Morrison digs in behind Liberal Gladys Liu

Questions continue to be raised over Liberal MP Gladys Liu's links with some Chinese organisations.
Questions continue to be raised over Liberal MP Gladys Liu's links with some Chinese organisations.

The prime minister is digging in behind embattled Liberal backbencher Gladys Liu, who is facing intense political pressure over her ties to Beijing.

The first-term federal MP is facing calls to "consider her tenure" after belatedly admitting she was a member of two Chinese government-linked groups from 2003 to 2015.

But Scott Morrison said the rookie politician should be forgiven for giving a "clumsy" interview.

"They (Labor) seek to smear an Australian of Chinese heritage simply for the fact she did a clumsy interview," he told reporters in Canberra on Thursday.

"If that were the case, the entire Labor frontbench would have to resign."

He said the first-term Victorian MP should be "extended some comfort and support".

It has also emerged that intelligence agencies warned former prime minister Malcolm Turnbull against attending a 2018 fundraiser with associates of Ms Liu.

Separately, there are reports security agencies warned the Liberal Party not to preselect her as a candidate.

Senate crossbencher Rex Patrick said the controversy surrounding Ms Liu was a national security issue.

Senator Patrick said she had reached the threshold of Sam Dastyari, who was forced to resign from parliament over scandals involving Chinese businessmen.

"Ms Lui hasn't been candid with the people, she hasn't been candid with the media, and indeed she hasn't been candid with the parliament," he told ABC radio.

"She must consider her tenure."

Labor attempted to suspend proceedings in the lower house on Thursday, calling on Ms Liu to make a statement to the chamber and explain her connections to the Chinese groups.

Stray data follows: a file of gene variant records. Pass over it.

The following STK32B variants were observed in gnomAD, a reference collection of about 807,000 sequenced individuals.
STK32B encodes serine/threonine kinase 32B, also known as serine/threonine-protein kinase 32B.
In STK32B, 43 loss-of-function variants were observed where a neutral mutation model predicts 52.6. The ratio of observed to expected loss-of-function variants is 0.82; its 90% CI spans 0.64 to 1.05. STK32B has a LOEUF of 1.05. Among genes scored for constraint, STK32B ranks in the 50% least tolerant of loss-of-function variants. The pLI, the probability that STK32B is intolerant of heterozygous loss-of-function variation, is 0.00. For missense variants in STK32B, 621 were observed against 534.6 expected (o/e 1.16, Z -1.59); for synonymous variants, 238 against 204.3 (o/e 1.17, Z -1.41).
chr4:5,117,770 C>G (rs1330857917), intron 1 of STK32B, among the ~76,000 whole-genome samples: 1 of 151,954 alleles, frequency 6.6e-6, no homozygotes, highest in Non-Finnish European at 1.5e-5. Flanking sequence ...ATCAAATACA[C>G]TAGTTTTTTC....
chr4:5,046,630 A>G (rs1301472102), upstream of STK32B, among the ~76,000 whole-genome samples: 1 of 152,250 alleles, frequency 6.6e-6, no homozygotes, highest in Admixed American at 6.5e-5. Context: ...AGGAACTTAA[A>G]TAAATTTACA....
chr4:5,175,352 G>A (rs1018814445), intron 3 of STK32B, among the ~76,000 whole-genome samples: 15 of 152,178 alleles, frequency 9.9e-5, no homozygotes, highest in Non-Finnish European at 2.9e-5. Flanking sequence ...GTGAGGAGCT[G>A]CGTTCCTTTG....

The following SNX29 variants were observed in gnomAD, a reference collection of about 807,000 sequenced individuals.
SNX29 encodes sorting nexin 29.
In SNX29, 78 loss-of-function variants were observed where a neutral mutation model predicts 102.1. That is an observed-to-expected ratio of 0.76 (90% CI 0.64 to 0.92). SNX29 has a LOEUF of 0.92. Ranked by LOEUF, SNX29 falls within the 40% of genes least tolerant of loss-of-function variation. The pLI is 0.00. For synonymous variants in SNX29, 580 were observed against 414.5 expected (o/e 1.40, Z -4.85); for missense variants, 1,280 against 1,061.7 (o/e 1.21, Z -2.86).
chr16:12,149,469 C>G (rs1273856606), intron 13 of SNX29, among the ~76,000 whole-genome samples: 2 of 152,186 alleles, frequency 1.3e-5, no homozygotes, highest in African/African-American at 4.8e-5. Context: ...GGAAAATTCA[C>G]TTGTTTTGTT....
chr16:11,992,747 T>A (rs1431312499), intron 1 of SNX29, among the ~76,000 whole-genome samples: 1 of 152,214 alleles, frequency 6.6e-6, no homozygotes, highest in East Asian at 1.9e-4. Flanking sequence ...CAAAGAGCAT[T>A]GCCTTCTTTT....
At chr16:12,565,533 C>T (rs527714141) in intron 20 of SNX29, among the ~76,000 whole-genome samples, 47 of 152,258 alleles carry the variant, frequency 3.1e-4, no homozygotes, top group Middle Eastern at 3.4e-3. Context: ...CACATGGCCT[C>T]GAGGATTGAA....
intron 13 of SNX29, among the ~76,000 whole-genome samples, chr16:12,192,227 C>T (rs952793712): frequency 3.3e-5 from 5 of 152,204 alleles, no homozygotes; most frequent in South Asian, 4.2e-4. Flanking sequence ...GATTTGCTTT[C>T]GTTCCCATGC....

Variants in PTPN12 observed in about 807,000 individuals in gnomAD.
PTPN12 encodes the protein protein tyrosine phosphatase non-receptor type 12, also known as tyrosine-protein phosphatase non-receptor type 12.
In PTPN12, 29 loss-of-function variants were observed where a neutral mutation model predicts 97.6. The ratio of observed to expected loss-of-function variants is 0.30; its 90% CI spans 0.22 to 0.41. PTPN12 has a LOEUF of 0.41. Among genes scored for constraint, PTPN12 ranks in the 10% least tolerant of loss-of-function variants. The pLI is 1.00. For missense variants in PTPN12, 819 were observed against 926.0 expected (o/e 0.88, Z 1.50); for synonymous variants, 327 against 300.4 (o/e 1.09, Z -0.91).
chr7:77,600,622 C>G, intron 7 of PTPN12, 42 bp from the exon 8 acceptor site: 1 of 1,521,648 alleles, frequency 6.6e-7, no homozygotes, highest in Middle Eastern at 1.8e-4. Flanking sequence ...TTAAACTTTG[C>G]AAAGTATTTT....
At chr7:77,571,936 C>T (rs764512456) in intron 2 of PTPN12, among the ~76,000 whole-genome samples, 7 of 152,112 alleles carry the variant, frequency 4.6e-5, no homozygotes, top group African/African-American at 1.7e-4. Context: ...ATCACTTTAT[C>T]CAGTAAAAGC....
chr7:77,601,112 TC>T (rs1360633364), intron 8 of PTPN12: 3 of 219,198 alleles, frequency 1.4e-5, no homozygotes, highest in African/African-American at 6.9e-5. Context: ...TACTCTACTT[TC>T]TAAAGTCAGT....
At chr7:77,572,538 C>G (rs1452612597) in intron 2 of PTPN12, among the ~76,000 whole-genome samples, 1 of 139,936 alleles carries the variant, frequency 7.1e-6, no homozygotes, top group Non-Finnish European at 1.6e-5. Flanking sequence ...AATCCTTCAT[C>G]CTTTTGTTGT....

Ms Liu shook her head as shadow attorney-general Mark Dreyfus pursued the political tactic before leaving the chamber.

Crossbenchers sided with Labor to support the motion, with Centre Alliance MP Rebekha Sharkie urging Ms Liu to explain the situation to help combat a rising distrust in politicians.

Attorney-General Christian Porter suggested the motion was xenophobic.

"It is pretty awful stuff," he told the chamber.

"Earlier this week, we had a condolence for the last living member of the Menzies government, who helped unravel the White Australia policy, and all these years later this is where we are."

Former deputy prime minister Barnaby Joyce said Ms Liu, who holds the Victorian seat of Chisholm, should be removed if she's found to have allegiances to China.

"There is an expectation that you have undivided loyalty to Australia and a sense of patriotism ... and there's no person who has a leave pass from that process," he told 2GB radio.

"That's why we have ASIO - to have some form of oversight and to give confidence to the Australian people, that if somebody is not able to pass muster then the appropriate action would be taken to remove them."

Sam Dastyari, a former Labor senator who resigned from parliament after scandals involving Chinese businessmen, said Ms Liu had questions to answer.

"I don't know enough about her situation to say whether or not she should resign, that's a matter for her and that's a matter for Mr Morrison," he told Sky News.

"(But) does anyone honestly believe that if she wasn't a member of the Liberal Party that the prime minister and others wouldn't be calling for her scalp right now?"

Australian Associated Press